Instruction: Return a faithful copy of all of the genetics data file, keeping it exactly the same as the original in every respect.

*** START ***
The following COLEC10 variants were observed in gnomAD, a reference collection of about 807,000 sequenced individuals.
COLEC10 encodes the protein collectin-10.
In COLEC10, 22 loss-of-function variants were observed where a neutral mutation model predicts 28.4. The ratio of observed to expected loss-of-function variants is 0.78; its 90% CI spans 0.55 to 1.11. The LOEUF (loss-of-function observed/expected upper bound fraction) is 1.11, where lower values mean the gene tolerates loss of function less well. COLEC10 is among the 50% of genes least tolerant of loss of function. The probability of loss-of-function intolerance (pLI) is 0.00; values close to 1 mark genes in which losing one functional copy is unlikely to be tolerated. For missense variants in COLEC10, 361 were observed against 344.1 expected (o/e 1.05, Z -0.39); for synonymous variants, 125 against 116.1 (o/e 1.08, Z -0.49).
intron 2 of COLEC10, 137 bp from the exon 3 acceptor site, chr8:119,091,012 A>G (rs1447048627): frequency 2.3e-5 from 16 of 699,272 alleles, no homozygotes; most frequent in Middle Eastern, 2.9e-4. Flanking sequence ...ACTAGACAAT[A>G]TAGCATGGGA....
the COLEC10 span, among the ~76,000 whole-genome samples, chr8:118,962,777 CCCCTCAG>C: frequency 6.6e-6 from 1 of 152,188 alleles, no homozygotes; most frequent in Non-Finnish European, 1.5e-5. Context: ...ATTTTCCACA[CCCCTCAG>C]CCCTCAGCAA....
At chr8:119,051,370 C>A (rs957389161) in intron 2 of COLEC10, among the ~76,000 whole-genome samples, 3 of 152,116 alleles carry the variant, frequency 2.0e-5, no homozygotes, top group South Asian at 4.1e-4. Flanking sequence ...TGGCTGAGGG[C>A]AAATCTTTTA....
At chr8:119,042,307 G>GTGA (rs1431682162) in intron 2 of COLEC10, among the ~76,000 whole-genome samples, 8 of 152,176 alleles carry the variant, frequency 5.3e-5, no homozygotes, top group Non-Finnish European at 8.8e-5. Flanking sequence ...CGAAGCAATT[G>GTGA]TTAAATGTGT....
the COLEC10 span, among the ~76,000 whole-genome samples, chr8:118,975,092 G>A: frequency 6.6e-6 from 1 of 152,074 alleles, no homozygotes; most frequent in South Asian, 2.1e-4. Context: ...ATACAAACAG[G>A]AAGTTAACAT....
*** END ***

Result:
The following COLEC10 variants were observed in gnomAD, a reference collection of about 807,000 sequenced individuals.
COLEC10 encodes the protein collectin-10.
In COLEC10, 22 loss-of-function variants were observed where a neutral mutation model predicts 28.4. The ratio of observed to expected loss-of-function variants is 0.78; its 90% CI spans 0.55 to 1.11. The LOEUF (loss-of-function observed/expected upper bound fraction) is 1.11, where lower values mean the gene tolerates loss of function less well. COLEC10 is among the 50% of genes least tolerant of loss of function. The probability of loss-of-function intolerance (pLI) is 0.00; values close to 1 mark genes in which losing one functional copy is unlikely to be tolerated. For missense variants in COLEC10, 361 were observed against 344.1 expected (o/e 1.05, Z -0.39); for synonymous variants, 125 against 116.1 (o/e 1.08, Z -0.49).
intron 2 of COLEC10, 137 bp from the exon 3 acceptor site, chr8:119,091,012 A>G (rs1447048627): frequency 2.3e-5 from 16 of 699,272 alleles, no homozygotes; most frequent in Middle Eastern, 2.9e-4. Flanking sequence ...ACTAGACAAT[A>G]TAGCATGGGA....
the COLEC10 span, among the ~76,000 whole-genome samples, chr8:118,962,777 CCCCTCAG>C: frequency 6.6e-6 from 1 of 152,188 alleles, no homozygotes; most frequent in Non-Finnish European, 1.5e-5. Context: ...ATTTTCCACA[CCCCTCAG>C]CCCTCAGCAA....
At chr8:119,051,370 C>A (rs957389161) in intron 2 of COLEC10, among the ~76,000 whole-genome samples, 3 of 152,116 alleles carry the variant, frequency 2.0e-5, no homozygotes, top group South Asian at 4.1e-4. Flanking sequence ...TGGCTGAGGG[C>A]AAATCTTTTA....
At chr8:119,042,307 G>GTGA (rs1431682162) in intron 2 of COLEC10, among the ~76,000 whole-genome samples, 8 of 152,176 alleles carry the variant, frequency 5.3e-5, no homozygotes, top group Non-Finnish European at 8.8e-5. Flanking sequence ...CGAAGCAATT[G>GTGA]TTAAATGTGT....
the COLEC10 span, among the ~76,000 whole-genome samples, chr8:118,975,092 G>A: frequency 6.6e-6 from 1 of 152,074 alleles, no homozygotes; most frequent in South Asian, 2.1e-4. Context: ...ATACAAACAG[G>A]AAGTTAACAT....